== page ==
WOBO: Search for words and phrases in the texts here...

Enter either the ID of an entry, or one or more words to find. The first match in each paragraph is shown; click on the line of text to see the full paragraph.

Currently only Chalmers’ Biographical Dictionary is indexed, terms are not stemmed, and diacritical marks are retained.

of his own. The same books were afterwards published in Greek and Latin at Paris in 1G2I, by Bachet, an ingenious and learned Frenchman, who made a new Latin version

He wrote thirteen books of arithmetic, or algebra, which, Regiomontanus in his preface to Alfraganus tells us, are still preserved in manuscript in the Vatican library. Indeed Diophantus himself tells us that his work consisted of thirteen books, viz. at the end of his address to Dionysius, placed at the beginning of the work; and from hence Regiomontanus might be led to say the thirteen books were in that library. No more than six whole books, with part of a seventh, have ever been published; and it is probable there are no more in being; indeed Bombelli, in the preface to his Algebra, written in 1572, says there were but six of the books then in the library, and that he and another were about a translation of them. Those six books, with the imperfect seventh, were first published at Basil by Xylander in 1575, but in a Latin version only, with the Greek scholia of Maximus Planudes upon the two first books, and observations of his own. The same books were afterwards published in Greek and Latin at Paris in 1G2I, by Bachet, an ingenious and learned Frenchman, who made a new Latin version of the work, and enriched it with very learned commentaries. Bachet did not entirely neglect the notes of Xylander in his edition, but he treated the scholiast Planudes with the utmost contempt. He seems to intimate, in what he says upon the 28th question of the second book, that the six books which we have of Diophantus may be nothing more than a collection made by some novice, of such propositions as he judged proper, out of the whole thirteen but Fabricius thinks there is no just ground for such a supposition. From him certain questions relating to square and cubic numbers, and to right-angled triangles, have been called Diophantine problems, because the nature of them was first and chiefly treated of by him in his arithmetic, or rather algebra.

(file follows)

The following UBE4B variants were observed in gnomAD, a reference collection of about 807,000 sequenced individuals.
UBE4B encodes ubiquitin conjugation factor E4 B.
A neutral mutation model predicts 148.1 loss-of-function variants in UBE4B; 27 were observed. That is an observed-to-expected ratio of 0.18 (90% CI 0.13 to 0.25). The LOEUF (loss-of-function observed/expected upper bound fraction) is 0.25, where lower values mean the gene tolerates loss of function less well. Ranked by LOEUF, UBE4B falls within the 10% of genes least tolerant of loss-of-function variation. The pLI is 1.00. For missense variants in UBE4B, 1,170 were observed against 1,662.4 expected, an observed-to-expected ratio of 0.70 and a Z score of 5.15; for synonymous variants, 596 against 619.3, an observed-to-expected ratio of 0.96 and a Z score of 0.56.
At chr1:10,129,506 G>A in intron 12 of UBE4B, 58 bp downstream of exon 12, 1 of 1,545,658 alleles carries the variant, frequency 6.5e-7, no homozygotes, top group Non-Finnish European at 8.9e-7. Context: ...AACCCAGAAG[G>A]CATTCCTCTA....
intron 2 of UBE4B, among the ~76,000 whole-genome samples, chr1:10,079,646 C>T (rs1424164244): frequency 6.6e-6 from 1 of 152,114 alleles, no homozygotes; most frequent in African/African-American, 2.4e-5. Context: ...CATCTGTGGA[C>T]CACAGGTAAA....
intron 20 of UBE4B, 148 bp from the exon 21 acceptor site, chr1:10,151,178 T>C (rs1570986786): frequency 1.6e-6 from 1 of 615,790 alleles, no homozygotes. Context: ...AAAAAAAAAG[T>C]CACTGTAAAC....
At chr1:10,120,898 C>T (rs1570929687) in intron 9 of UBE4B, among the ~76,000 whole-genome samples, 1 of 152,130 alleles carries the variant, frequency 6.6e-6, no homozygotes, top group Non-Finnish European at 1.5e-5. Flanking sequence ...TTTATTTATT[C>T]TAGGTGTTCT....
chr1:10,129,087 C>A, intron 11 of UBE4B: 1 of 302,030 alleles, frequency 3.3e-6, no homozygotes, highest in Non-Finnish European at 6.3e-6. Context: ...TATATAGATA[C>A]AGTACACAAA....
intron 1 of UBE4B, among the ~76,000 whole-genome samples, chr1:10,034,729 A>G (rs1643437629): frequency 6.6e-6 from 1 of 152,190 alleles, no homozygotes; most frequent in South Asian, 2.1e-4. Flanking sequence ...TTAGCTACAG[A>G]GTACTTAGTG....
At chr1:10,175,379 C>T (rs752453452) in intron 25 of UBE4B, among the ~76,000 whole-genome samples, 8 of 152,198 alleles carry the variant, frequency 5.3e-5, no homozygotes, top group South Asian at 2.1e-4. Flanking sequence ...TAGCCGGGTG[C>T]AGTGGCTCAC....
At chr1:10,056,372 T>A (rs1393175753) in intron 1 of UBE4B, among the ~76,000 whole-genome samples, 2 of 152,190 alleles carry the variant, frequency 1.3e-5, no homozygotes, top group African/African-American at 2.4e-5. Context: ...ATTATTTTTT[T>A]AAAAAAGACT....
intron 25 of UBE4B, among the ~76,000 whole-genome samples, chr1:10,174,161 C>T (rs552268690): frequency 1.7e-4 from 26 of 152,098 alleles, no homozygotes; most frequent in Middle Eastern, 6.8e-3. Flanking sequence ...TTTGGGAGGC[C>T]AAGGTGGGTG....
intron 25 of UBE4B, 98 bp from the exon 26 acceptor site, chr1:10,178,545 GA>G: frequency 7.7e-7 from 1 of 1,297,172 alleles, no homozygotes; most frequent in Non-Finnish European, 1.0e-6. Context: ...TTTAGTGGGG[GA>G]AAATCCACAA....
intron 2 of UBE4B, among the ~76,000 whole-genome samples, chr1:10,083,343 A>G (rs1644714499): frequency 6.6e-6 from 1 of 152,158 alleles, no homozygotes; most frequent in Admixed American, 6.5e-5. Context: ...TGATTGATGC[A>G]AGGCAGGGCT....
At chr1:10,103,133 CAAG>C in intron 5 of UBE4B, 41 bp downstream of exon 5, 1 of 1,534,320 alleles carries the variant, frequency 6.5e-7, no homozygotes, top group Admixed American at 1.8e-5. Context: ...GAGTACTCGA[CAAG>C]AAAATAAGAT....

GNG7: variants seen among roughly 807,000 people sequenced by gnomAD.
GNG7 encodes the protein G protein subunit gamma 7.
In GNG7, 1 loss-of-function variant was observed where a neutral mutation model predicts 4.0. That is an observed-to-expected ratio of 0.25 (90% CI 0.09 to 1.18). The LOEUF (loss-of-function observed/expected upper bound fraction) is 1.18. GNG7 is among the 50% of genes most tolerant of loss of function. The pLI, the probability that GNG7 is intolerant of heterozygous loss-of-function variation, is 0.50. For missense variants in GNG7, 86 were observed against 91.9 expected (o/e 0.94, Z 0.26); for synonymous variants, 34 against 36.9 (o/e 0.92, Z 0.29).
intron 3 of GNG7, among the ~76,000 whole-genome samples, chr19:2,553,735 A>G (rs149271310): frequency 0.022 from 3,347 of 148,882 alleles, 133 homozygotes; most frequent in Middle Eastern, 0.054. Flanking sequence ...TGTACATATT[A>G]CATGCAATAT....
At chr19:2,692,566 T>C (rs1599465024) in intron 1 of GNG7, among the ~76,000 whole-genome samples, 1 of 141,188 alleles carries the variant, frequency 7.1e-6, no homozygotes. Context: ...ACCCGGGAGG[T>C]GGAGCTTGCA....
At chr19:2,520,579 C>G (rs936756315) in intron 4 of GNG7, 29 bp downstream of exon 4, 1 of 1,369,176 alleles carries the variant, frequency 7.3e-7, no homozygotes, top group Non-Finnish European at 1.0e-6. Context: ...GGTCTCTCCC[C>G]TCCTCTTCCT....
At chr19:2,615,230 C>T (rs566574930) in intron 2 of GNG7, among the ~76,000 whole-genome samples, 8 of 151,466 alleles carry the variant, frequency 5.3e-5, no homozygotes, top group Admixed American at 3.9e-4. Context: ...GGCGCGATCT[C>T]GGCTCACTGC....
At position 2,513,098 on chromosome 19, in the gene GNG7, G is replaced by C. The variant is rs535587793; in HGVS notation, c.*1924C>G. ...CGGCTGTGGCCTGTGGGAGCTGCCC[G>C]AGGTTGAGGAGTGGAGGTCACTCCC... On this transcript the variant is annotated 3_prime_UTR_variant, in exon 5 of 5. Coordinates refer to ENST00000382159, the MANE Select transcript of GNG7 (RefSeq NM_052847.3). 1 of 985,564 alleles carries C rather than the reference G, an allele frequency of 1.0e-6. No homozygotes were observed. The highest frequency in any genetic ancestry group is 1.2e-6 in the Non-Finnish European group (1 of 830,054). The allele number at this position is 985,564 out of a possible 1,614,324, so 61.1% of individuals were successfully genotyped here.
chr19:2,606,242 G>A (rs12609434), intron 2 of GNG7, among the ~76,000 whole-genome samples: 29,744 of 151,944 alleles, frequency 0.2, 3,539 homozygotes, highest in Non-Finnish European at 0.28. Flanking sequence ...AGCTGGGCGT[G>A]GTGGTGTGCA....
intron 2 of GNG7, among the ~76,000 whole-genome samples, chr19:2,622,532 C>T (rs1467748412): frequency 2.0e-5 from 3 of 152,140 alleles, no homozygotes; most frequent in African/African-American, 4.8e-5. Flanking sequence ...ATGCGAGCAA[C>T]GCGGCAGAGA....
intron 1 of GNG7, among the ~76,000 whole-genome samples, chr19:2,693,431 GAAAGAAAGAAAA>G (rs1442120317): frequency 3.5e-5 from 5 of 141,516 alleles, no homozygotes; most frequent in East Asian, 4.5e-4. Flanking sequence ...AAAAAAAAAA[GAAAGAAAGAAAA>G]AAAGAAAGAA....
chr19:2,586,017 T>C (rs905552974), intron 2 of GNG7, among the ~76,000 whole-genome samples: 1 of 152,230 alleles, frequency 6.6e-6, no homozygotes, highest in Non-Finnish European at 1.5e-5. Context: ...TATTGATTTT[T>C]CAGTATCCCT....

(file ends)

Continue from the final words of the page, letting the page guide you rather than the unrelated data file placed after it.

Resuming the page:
an ingenious and learned Frenchman, and one of the best writers

, an ingenious and learned Frenchman, and one of the best writers of his time, was born at Paris in 1674. At sixteen he entered into the congregation of the fathers of the oratory, and was afterwards sent to Mans to learn philosophy. That of Aristotle then obtained in the schools, and was the only one which was permitted to be taught; nevertheless Mongault, with some of that original spirit which usually distinguishes men of uncommon abilities from the vulgar, ventured, in a public thesis, which he read at the end of the course of lectures, to oppose the opinions of Aristotle, and to maintain those of Des Cartes. Having studied theology with the same success, he quitted the oratory in 1699; and soon after went to Thoulouse, and lived with Colbert, archbishop of that place, who had procured him a priory in 1698. In 1710 the duke of Orleans, regent of the kingdom, committed to him the education of his son, the duke of Chartres; which important office he discharged so well that he acquired universal esteem. In 1714, he had the abbey Chartreuve given him, and that of Vilieneuve in 1719. The duke of Chartres, becoming colonel-general of the French infantry, chose the abbe* Mongault to fill the place of secretary-general made him also secretary of the province of Dauphiny and, after the death of the regent, his father, raised him to other considerable employments. All this while he was as assiduous as his engagements would permit in cultivating polite literature; and, in 1714, published at Paris;, in 6 vols. 12mo, an edition of “Tully’s Letters to Atticus,” with an excellent French translation, and judicious comment upon them. This work has been often reprinted, and is justly reckoned admirable; for, as Middleton has observed, in the preface to his “Life of Cicero,” the abbe Mongault “did not content himself with the retailing the remarks of other commentators, or out of the rubbish of their volumes with selecting the best, but entered upon his task with the spirit of a true critic, and, by the force of his own genius, has happily illustrated many passages which all the interpreters before him had given tip as inexplicable.” He published also a very good translation of “Herodian,” from the Greek, the best edition of which is that of 1745, in 12mo. He died at Paris, Aug. 15, 1746, aged almost seventy-two.